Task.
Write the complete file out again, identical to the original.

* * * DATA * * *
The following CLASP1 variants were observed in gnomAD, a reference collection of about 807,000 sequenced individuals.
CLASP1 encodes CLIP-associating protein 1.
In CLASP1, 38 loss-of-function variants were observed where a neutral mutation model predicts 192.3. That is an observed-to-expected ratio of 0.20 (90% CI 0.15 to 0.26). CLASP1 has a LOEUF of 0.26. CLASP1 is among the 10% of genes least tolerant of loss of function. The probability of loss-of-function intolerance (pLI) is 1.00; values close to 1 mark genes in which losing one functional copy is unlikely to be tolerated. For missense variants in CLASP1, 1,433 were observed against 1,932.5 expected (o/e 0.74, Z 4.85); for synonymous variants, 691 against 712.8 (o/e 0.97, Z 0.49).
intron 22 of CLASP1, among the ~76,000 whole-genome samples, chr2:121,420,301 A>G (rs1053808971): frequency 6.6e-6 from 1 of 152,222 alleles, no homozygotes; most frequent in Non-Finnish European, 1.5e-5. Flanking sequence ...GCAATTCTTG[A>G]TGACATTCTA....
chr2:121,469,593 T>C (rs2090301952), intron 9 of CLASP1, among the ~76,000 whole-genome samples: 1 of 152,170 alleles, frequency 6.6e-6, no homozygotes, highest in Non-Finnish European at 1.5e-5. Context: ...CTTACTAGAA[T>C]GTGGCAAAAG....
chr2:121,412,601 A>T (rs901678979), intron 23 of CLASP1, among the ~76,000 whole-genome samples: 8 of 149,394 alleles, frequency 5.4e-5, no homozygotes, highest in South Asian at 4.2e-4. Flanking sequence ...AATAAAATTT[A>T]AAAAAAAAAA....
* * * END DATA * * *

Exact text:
The following CLASP1 variants were observed in gnomAD, a reference collection of about 807,000 sequenced individuals.
CLASP1 encodes CLIP-associating protein 1.
In CLASP1, 38 loss-of-function variants were observed where a neutral mutation model predicts 192.3. That is an observed-to-expected ratio of 0.20 (90% CI 0.15 to 0.26). CLASP1 has a LOEUF of 0.26. CLASP1 is among the 10% of genes least tolerant of loss of function. The probability of loss-of-function intolerance (pLI) is 1.00; values close to 1 mark genes in which losing one functional copy is unlikely to be tolerated. For missense variants in CLASP1, 1,433 were observed against 1,932.5 expected (o/e 0.74, Z 4.85); for synonymous variants, 691 against 712.8 (o/e 0.97, Z 0.49).
intron 22 of CLASP1, among the ~76,000 whole-genome samples, chr2:121,420,301 A>G (rs1053808971): frequency 6.6e-6 from 1 of 152,222 alleles, no homozygotes; most frequent in Non-Finnish European, 1.5e-5. Flanking sequence ...GCAATTCTTG[A>G]TGACATTCTA....
chr2:121,469,593 T>C (rs2090301952), intron 9 of CLASP1, among the ~76,000 whole-genome samples: 1 of 152,170 alleles, frequency 6.6e-6, no homozygotes, highest in Non-Finnish European at 1.5e-5. Context: ...CTTACTAGAA[T>C]GTGGCAAAAG....
chr2:121,412,601 A>T (rs901678979), intron 23 of CLASP1, among the ~76,000 whole-genome samples: 8 of 149,394 alleles, frequency 5.4e-5, no homozygotes, highest in South Asian at 4.2e-4. Flanking sequence ...AATAAAATTT[A>T]AAAAAAAAAA....